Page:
Each year around this time the American International Motorcycle Expo (AIMExpo) assembles in Las Vegas to introduce new motorcycles and powersports to the press, consumers, and dealer networks. This year Suzuki decided to bring a bike that they introduced to the rest of the world back in 2016—the Suzuki GSX-R150. Does this mean that Suzuki is planning to introduce the bike in the States for 2019? For now that's not confirmed. They brought the bike to the AIMExpo as more of a marketing focus group. Suzuki wants to know if there is enough interest in this segment.
Unfortunately in the States there is a misperception held by a vocal sub-population that new riders need to start out on a manly bike. This group frequently misinforms the inexperienced that they shouldn't buy a proper bike for their ability, because in three months they'll want to sell it, and they can just use throttle control—a skill the new rider has yet to comprehend. As ridiculous as this sounds the neophytes don't know any better, and end up with bikes that quickly end their riding careers. While the occasional outlier might develop that quickly most riders would benefit from years of being on a proper sized bike. Has the rider population in the States matured enough to understand this revelation? Suzuki believes that it's a possibility.
Many of the motorcycle manufacturers already have exciting entry level product in their warehouses. For instance Aprilia has the RS50/RS125, and the GPR125, KTM has the RC125, Rieju has their Century 125, Piaggio has their Race GSR125, Italika has the RT200GP, Motorini has the MT125RRi, Yamaha has the YZF-R15, and Suzuki has the Suzuki GSX-R125/150. These bikes already meet Euro4 emission standards—which are more stringent than even California's requirements. This begs the question why aren't these bikes being marketed to a large region of North America? Well Suzuki has wondered enough to bring a couple of bikes to Las Vegas to find out, and here we are being introduced to the GSX-R150.
To help orient and compare the GSX-R150 it will be useful to employ the Aprilia RS125 4T—a bike which most regular readers will be familiar. Both bikes are in the same class, and would attract very similar buyers.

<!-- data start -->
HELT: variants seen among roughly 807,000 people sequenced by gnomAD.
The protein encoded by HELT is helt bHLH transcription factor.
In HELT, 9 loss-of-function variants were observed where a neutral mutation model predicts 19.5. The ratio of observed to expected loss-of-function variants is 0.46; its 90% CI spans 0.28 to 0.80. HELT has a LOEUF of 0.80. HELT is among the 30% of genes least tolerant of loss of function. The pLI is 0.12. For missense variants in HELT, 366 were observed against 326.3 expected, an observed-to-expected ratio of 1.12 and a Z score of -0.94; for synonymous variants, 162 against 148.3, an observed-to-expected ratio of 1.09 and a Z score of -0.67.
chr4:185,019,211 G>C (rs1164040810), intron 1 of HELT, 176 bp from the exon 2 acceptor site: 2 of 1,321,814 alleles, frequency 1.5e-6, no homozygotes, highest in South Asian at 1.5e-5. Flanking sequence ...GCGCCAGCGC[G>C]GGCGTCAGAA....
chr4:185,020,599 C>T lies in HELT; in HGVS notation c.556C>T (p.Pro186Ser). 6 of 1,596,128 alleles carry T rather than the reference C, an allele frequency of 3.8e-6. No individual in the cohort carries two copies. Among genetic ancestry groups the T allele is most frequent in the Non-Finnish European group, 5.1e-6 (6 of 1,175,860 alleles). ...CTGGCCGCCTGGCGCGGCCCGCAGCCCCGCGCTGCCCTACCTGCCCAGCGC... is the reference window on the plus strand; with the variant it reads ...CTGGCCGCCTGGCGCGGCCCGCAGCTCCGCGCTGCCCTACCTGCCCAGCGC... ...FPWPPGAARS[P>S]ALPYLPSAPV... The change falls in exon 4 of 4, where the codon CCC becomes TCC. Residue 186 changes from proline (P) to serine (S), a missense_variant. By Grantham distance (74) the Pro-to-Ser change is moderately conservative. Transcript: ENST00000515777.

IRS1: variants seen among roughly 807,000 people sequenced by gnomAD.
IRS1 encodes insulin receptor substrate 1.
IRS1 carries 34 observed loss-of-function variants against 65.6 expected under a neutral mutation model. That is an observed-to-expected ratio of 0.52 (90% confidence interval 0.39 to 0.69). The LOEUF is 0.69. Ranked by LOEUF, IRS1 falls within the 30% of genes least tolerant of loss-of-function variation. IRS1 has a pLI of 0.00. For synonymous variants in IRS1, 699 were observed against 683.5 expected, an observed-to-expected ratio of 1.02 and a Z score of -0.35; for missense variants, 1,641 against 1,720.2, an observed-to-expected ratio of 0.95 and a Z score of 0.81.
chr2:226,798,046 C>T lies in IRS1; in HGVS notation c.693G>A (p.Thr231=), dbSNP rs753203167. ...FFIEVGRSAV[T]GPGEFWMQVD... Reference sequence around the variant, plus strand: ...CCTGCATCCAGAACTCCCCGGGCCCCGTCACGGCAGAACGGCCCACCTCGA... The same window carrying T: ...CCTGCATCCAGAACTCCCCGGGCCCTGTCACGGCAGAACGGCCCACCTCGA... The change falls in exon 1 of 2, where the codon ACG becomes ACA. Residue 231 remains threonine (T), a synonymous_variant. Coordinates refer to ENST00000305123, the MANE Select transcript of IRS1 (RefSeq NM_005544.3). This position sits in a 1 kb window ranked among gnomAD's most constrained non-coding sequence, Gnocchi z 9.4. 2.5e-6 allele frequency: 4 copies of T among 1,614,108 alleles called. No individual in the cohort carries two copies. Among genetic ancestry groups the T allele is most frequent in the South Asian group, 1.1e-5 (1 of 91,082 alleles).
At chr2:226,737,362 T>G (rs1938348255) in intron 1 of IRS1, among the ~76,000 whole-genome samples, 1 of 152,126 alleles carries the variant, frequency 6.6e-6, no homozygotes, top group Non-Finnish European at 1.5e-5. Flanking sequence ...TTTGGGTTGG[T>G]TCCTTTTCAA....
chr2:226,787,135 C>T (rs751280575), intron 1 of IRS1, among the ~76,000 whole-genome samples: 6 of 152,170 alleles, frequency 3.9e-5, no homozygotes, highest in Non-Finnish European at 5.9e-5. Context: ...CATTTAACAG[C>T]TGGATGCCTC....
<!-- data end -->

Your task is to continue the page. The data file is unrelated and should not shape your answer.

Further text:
The GSX-R has a tubular mild steel frame shrouded in plastic to look as if it feature a twin spar unit (like the aluminum twin spar found on the Aprilia). Dimensions wise the seat sits at 785mm (31in), the wheel base comes in at 1300mm (51.2in), and a claimed wet weight of 131kg (289lbs)—at which the GSX-R isn't as light as the 2018 Aprilia RS125 at 120.0kg (265lbs). The front wheel measures in at 90/80-17M/C, and the rear at 130/70-17M/C. These are similar to the Aprilia, although the Aprilia's front tire is slightly larger at 100/80-17M/C. The fuel tank holds 11 liters compared to the RS's 14.5 liters.
Suspension and Brakes
The front is handled by conventional telescopic forks, with no adjustment. The rear features a mono shock linkage system with a two sided swing arm. Compared to other bikes in this class the GSX-R would be expected to have inverted forks, and yet it does not keep up with this feature.
The front brake features a two piston axial caliper with rubber lines, and a single-piston rear caliper. This is another area where the GSX-R pales in comparison to the competition. The Aprilia RS features a four piston radial front caliper with brained lines, and a 300mm disc—as does the KTM RC.
Suzuki’s 147cc Powerplant
The GSX-R150 features a water cooled 147.3cc fuel injected balanced DOHC four stroke single producing around 19hp. This is one area where the 150 is improved over its competition gaining about 4-5hp more than the 125s. There are kits available to bring those bikes up to 160cc which would ameliorate this advantage, but at stock levels the GSX-R has the power advantage.
At 147.3cc the GSX-R150 would not be allowed on the freeways in California—which is proper for a learner's bike as new riders have no business on the freeway due to their yet to be developed ability to proficiently read traffic.
Similar to the GSX-R125 14hp sibling the GSX-R150 retains the same bore of 62mm, and has increased the stroke from 41.2mm to 48.8mm adding the extra 22.9 cubes of displacement. Starting is handled by an electric motor, and there is no kickstarter. Torque is rated at 14.0Nm/9,000rpm. The transmission features a six speed gear box with a cable pulled wet clutch.
Competition: Aprilia RS125
While no retail price was discussed for North America—with current exchange rates the GSX-R150 sells for about $2900USD in the Philippines, and about $3500USD in Mexico. That's competitive with the 12" wheeled 125cc air cooled four strokes currently on the market. What would the Aprilia be in this market? That's a little harder to judge, but it would likely be more.
In many ways the GSX-R is similar to the Italika RT200GP. While the GSX-R features a water cooled engine the extra displacement of the RT compensates for this short coming. Other equipment like the chassis, suspension, and brakes are very similar between the two bikes. Compared to the KTM, and the Aprilia offerings the GSX-R comes up short. To some extent this is intended so as to be able to offer the bike at a lower price, and in that Suzuki has successfully achieved a more competitive price. The GSX-R is a good looking bike, and is available with the MotoGP livery too. That's a huge plus in the Replica scene.